UTSA infectious disease researchers develop international partnerships in Lebanon
(May 25, 2011)--Karl Klose, UTSA professor of microbiology and director of the South Texas Center for Emerging Infectious Diseases (STCEID), and colleagues Bernard Arulanandam, associate dean of research for scientific innovation, and Janakiram Seshu, associate professor of microbiology, traveled to Beirut May 9-14 to develop international collaborations with microbiology-immunology researchers and clinicians at the American University of Beirut (AUB) in Lebanon. Their travel was funded by the U.S. Department of State through the American Association for the Advancement of Science (AAAS).
The AAAS Center for Science, Technology and Security created the exchange as part of International Engagement: Responsible Bioscience for a Safe and Secure Society. The program introduces researchers in the United States to researchers in the Middle East or Northern Africa to develop research collaborations in health, agriculture and security with the potential to improve the well-being of the international community. Klose and Alexander Abdel-Noor, chairman of the AUB microbiology and immunology department, were awarded funds for the exchange program, which also will involve Lebanese scientists from AUB visiting UTSA later this year.
The UTSA infectious disease researchers traveled to Beirut on behalf of the UTSA South Texas Center for Emerging Infectious Diseases (STCEID), which was established to support UTSA's teaching and research initiatives in molecular microbiology, immunology, medical mycology, virology, microbial genomics, vaccine development and biodefense. The center's researchers study the pathogenesis of emerging infectious diseases such as chlamydia, tularemia, cholera, Lyme disease, valley fever and others.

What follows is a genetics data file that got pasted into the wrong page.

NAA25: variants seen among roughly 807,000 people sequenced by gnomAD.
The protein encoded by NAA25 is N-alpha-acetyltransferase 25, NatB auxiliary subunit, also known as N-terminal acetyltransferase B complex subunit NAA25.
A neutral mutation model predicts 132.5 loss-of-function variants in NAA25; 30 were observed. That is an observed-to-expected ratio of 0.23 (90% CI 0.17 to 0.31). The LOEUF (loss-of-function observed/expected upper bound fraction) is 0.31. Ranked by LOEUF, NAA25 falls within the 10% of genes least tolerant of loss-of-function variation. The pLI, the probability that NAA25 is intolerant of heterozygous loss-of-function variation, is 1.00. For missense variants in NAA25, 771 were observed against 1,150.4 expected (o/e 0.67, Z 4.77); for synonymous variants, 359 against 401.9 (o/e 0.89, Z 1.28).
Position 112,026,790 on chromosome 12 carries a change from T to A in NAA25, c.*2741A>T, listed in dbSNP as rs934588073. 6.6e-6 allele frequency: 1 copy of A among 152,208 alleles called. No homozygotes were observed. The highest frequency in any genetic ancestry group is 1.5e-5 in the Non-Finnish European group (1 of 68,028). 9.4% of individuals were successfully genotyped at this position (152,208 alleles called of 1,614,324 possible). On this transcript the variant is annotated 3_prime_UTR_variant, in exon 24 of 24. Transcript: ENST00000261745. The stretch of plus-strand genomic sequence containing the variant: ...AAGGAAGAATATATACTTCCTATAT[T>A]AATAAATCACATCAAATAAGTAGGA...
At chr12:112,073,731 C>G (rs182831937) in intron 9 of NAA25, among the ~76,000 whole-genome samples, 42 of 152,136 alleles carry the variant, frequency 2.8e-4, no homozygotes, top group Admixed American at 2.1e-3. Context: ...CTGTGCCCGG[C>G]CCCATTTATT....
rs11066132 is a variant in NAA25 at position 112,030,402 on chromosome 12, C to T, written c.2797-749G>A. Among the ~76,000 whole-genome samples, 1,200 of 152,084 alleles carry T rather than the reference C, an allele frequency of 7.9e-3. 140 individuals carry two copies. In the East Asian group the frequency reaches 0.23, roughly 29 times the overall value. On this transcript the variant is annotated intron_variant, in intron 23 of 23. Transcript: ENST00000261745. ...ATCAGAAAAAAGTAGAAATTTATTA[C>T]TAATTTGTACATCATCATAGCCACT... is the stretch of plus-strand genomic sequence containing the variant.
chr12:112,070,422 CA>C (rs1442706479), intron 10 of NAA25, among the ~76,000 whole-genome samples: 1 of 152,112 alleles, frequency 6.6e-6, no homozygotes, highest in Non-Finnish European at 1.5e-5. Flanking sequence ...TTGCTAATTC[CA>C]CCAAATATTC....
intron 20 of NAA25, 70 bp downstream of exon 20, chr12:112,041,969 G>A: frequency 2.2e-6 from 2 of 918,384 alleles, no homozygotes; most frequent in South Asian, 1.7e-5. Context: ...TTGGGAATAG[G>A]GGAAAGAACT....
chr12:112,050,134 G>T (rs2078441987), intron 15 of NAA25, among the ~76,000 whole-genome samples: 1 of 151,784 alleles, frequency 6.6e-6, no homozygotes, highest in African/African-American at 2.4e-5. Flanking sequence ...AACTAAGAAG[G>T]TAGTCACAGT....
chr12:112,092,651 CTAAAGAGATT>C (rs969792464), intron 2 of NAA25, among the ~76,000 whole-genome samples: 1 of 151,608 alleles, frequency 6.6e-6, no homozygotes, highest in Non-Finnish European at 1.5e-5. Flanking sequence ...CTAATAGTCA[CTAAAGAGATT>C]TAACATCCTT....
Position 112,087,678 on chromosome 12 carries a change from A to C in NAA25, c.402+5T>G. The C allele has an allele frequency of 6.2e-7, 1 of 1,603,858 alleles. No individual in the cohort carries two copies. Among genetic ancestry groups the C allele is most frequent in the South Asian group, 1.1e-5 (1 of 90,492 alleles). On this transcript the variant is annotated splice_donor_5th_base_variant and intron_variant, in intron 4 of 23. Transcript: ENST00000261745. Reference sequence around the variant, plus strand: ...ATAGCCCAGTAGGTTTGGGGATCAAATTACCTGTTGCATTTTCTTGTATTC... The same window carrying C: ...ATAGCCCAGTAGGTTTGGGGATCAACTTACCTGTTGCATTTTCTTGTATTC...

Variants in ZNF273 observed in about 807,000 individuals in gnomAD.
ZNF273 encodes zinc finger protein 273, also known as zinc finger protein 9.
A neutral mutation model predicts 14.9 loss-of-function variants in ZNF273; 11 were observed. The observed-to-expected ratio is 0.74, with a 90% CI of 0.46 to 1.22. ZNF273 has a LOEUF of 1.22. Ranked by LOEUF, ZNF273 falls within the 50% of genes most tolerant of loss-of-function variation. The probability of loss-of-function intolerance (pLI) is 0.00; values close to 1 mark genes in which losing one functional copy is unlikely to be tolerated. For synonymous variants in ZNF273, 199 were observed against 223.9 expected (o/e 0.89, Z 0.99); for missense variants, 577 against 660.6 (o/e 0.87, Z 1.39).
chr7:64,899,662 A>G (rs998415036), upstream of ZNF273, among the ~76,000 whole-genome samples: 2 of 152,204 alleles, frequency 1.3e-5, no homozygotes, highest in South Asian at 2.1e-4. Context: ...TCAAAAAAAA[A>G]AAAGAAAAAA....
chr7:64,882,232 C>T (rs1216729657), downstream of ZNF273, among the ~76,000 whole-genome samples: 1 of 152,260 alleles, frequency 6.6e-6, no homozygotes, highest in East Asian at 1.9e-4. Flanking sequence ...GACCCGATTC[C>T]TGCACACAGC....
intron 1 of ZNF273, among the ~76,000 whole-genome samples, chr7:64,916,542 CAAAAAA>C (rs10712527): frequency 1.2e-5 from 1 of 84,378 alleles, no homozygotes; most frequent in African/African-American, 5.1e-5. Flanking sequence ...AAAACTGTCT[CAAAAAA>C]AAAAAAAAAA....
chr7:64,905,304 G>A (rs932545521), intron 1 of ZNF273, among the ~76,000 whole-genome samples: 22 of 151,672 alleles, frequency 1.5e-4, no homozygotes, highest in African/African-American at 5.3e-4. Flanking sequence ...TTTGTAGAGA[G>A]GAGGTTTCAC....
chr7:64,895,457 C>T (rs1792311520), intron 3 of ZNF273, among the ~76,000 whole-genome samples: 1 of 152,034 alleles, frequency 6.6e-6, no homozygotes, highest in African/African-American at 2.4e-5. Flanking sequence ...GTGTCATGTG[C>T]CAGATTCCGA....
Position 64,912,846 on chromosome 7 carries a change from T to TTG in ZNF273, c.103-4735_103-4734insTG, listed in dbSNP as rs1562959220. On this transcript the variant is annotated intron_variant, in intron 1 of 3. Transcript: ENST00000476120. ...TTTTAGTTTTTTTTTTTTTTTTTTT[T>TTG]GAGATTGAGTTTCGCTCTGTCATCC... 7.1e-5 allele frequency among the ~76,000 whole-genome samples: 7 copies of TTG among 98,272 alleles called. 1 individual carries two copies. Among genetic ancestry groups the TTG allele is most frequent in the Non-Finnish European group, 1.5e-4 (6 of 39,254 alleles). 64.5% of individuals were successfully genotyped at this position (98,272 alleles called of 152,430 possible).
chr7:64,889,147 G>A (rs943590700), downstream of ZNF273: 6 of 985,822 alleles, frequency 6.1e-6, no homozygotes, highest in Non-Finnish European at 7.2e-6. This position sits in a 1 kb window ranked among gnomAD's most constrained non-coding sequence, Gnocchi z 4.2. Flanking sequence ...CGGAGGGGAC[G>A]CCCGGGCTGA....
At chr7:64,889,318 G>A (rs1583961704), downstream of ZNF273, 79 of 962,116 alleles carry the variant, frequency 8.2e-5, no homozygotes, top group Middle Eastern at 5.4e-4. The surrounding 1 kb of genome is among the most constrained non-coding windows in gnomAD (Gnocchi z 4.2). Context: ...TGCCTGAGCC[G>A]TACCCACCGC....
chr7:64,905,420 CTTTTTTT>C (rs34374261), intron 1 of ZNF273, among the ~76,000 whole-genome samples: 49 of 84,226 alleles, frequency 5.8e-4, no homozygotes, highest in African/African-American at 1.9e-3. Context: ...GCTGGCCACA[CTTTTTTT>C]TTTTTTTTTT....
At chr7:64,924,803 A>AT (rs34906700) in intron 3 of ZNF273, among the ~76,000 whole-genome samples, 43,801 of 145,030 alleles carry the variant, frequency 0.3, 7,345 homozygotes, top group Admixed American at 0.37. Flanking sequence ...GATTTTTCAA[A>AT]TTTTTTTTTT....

"When you collaborate with international researchers, it's so important to meet face to face in order to understand their research capabilities, their scientific culture and their most pressing research concerns," said Klose. "And, it's critical to keep up those relationships through personal contact. That is the key to the most successful scientific collaborations.
"Because of our visit to AUB, we now have a better idea of areas of common scientific interest and the expertise available in Beirut. Moreover, it has built a level of trust between the U.S. and Lebanese scientists that will greatly enhance these collaborative projects."
The AUB was established in 1866 and is home to nearly 700 faculty and approximately 8,000 students. It is ranked among the world's top 350 universities and is regarded as offering the best medical and engineering schools in the Middle East and Africa. Researchers in UTSA's STCEID also collaborate with scientists and clinicians in India, Chile, Colombia, Malaysia, Malawi, Germany, Austria, Spain and Norway.
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